As a final remark, it’s always very nice to see what very young boys can do with the availability of right tools that can help their creativity and their imagination.

[Via: Stephen Wolfram's blog]

An open robot shield for Arduino

Monday, August 6th, 2012

Open Electronics‘ staff were looking for a common and standard hardware platform usable on different robots they were working on. Their goal was to find a single platform that had to provide power supply to the microcontroller, it had to provide stabilized voltage for the servos, and, finally, it had to be equipped with an obstacle detector and with an IR receiver.

Having chosen Arduino as the target core board, they developed an ad-hoc shield meeting all these requirements, whose detailed description can be found here, together with the BOM and a lot of source code.

[Via: Open Electronics]

How many robots?

Sunday, June 24th, 2012

How many robots run on Arduino? I really don’t know. The guys from Complubot keep on sending pictures from the robots they are finding at the Robo Cup in Mexico DF. Want to see some pictures? Look at the following:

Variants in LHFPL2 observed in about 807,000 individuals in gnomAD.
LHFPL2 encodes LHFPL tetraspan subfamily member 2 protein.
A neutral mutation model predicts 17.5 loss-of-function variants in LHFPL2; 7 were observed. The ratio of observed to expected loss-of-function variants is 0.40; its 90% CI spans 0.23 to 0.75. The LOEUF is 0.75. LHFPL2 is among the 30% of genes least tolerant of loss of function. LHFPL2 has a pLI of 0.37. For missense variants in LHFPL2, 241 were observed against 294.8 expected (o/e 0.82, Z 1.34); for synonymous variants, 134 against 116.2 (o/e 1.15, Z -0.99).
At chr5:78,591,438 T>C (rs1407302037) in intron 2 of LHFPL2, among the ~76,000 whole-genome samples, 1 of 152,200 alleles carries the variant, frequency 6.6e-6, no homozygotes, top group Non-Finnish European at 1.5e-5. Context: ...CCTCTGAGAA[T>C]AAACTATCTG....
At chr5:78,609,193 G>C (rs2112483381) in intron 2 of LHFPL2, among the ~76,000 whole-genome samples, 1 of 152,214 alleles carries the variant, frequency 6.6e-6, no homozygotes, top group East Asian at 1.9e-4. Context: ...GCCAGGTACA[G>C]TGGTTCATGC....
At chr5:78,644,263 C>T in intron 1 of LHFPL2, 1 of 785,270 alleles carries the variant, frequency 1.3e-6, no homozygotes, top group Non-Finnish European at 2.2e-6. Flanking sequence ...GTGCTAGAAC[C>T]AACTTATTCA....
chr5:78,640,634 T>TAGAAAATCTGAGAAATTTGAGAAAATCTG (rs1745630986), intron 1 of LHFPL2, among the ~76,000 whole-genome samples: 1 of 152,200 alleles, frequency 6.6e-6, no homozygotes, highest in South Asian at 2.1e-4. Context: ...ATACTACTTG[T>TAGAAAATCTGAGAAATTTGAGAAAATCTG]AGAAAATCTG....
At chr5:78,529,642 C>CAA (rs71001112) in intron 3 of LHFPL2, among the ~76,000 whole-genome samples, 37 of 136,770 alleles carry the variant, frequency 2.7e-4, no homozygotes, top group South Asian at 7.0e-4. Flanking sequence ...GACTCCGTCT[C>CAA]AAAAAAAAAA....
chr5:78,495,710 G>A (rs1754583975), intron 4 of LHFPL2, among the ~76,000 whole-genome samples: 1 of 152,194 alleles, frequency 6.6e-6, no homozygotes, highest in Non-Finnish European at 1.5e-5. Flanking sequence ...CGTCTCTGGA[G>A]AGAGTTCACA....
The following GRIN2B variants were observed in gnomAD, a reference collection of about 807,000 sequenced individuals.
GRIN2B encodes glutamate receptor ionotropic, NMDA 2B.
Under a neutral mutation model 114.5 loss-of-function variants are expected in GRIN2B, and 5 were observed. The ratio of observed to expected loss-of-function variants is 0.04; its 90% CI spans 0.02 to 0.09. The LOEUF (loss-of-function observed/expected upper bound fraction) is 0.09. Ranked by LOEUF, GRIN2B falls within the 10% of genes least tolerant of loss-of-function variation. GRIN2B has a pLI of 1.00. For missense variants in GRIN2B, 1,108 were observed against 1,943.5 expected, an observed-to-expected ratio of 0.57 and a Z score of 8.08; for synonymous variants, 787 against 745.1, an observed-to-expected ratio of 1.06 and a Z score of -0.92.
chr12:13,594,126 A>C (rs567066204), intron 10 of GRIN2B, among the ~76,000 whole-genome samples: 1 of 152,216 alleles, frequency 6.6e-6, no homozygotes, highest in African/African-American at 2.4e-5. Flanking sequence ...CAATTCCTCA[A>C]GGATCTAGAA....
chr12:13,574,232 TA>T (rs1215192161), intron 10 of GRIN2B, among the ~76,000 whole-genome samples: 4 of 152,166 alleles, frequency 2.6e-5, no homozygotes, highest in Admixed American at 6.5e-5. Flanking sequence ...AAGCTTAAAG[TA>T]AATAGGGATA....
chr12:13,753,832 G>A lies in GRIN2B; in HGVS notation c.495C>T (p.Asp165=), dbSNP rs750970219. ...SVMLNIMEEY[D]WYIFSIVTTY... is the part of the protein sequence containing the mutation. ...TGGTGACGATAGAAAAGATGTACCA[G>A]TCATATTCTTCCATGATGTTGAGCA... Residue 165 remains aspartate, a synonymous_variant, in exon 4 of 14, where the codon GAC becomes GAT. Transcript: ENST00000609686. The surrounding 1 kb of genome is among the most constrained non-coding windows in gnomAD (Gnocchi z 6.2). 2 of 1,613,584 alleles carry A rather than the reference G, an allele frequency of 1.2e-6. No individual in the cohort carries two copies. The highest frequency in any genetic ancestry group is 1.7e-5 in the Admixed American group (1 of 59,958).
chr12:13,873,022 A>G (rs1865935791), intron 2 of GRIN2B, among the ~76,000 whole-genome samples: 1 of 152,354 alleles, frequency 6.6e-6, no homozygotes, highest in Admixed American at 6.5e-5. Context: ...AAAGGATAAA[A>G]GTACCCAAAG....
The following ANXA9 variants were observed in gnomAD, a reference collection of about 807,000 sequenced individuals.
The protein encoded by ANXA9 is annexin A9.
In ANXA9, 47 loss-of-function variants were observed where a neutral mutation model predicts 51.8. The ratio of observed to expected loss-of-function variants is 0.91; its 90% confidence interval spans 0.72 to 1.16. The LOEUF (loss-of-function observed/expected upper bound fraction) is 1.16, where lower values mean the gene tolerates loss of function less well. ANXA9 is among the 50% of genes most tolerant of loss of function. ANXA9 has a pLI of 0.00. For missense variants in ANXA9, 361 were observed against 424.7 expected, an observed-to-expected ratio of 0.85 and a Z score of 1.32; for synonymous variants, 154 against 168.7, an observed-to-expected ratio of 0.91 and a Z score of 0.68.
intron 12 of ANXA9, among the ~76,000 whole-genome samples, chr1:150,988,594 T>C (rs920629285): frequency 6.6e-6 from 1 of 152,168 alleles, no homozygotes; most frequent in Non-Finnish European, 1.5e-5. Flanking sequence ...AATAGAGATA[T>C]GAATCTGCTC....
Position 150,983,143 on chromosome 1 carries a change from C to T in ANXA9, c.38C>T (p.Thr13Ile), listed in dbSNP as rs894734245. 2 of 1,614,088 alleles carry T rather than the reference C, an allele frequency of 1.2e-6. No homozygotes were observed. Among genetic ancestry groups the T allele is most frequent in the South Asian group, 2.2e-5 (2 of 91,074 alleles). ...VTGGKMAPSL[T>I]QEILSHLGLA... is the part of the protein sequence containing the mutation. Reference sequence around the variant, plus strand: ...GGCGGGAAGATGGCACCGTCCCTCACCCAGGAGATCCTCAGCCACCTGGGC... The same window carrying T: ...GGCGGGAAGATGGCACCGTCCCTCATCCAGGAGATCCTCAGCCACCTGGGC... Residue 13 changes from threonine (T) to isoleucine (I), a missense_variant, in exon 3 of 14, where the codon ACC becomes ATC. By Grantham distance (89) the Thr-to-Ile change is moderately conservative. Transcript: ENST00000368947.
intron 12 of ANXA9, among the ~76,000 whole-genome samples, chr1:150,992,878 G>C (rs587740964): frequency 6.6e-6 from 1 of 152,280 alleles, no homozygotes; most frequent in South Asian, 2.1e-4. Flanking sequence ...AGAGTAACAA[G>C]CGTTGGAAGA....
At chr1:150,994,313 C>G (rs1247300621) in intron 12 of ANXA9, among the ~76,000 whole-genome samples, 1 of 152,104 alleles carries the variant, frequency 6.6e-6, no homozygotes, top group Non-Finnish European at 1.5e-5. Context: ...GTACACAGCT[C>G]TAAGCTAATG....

(c) 2012 Complubot, Japanese Team on Soccer B

The Japanese Team on Soccer B have been working with Arduino for 3 years now. The robots on the picture are only using our IDE, as they made their own PCBs to host 8 InfraRed sensors, a compass, and the motor drivers. Take a closer look at it on the next picture.

 

(c) 2012 Complubot, Japanese Soccer B team at RCJ Mexico DF

On the other hand, the German team, running on an Arduino Mega, are controlling 60 InfraRed sensors to detect the ball on the field. They got the 1st price on Soccer A Open and have been using Arduino for just one year.

 

(c) 2012 Complubot, German Soccer A Open team (winner)

I bet you want to see that robot closer, 60 IR sensors are quite many. It also controls 4 UltraSound sensors and 1 Compass. Quite an achievement. Look at this:

 

(c) 2012 Complubot, German Soccer A Open robot

Well, the picture isn’t very sharp, but you can clearly see the amount of sensors on that machine. I have to make some more research to understand what is the black plastic thingy on the top board of the robot. It feels like some sort of exhaust pipe. The black dots on the red PCB are the IR sensors.